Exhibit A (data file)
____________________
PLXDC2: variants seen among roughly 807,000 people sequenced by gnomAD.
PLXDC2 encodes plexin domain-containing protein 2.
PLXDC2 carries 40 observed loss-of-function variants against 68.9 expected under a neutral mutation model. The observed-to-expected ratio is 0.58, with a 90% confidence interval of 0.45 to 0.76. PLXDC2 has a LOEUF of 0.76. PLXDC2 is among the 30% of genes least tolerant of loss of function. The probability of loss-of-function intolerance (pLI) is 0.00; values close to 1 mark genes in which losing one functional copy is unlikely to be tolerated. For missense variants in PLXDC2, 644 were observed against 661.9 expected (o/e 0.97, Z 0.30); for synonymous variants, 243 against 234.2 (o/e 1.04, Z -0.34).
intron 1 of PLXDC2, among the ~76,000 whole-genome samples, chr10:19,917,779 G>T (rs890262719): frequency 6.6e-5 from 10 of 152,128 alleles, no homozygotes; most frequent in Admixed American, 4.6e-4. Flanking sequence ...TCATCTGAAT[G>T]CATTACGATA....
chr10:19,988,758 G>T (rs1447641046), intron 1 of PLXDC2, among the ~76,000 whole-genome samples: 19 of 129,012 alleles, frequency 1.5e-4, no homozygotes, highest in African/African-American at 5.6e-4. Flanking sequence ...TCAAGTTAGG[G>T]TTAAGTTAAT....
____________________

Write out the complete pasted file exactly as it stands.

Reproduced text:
PLXDC2: variants seen among roughly 807,000 people sequenced by gnomAD.
PLXDC2 encodes plexin domain-containing protein 2.
PLXDC2 carries 40 observed loss-of-function variants against 68.9 expected under a neutral mutation model. The observed-to-expected ratio is 0.58, with a 90% confidence interval of 0.45 to 0.76. PLXDC2 has a LOEUF of 0.76. PLXDC2 is among the 30% of genes least tolerant of loss of function. The probability of loss-of-function intolerance (pLI) is 0.00; values close to 1 mark genes in which losing one functional copy is unlikely to be tolerated. For missense variants in PLXDC2, 644 were observed against 661.9 expected (o/e 0.97, Z 0.30); for synonymous variants, 243 against 234.2 (o/e 1.04, Z -0.34).
intron 1 of PLXDC2, among the ~76,000 whole-genome samples, chr10:19,917,779 G>T (rs890262719): frequency 6.6e-5 from 10 of 152,128 alleles, no homozygotes; most frequent in Admixed American, 4.6e-4. Flanking sequence ...TCATCTGAAT[G>T]CATTACGATA....
chr10:19,988,758 G>T (rs1447641046), intron 1 of PLXDC2, among the ~76,000 whole-genome samples: 19 of 129,012 alleles, frequency 1.5e-4, no homozygotes, highest in African/African-American at 5.6e-4. Flanking sequence ...TCAAGTTAGG[G>T]TTAAGTTAAT....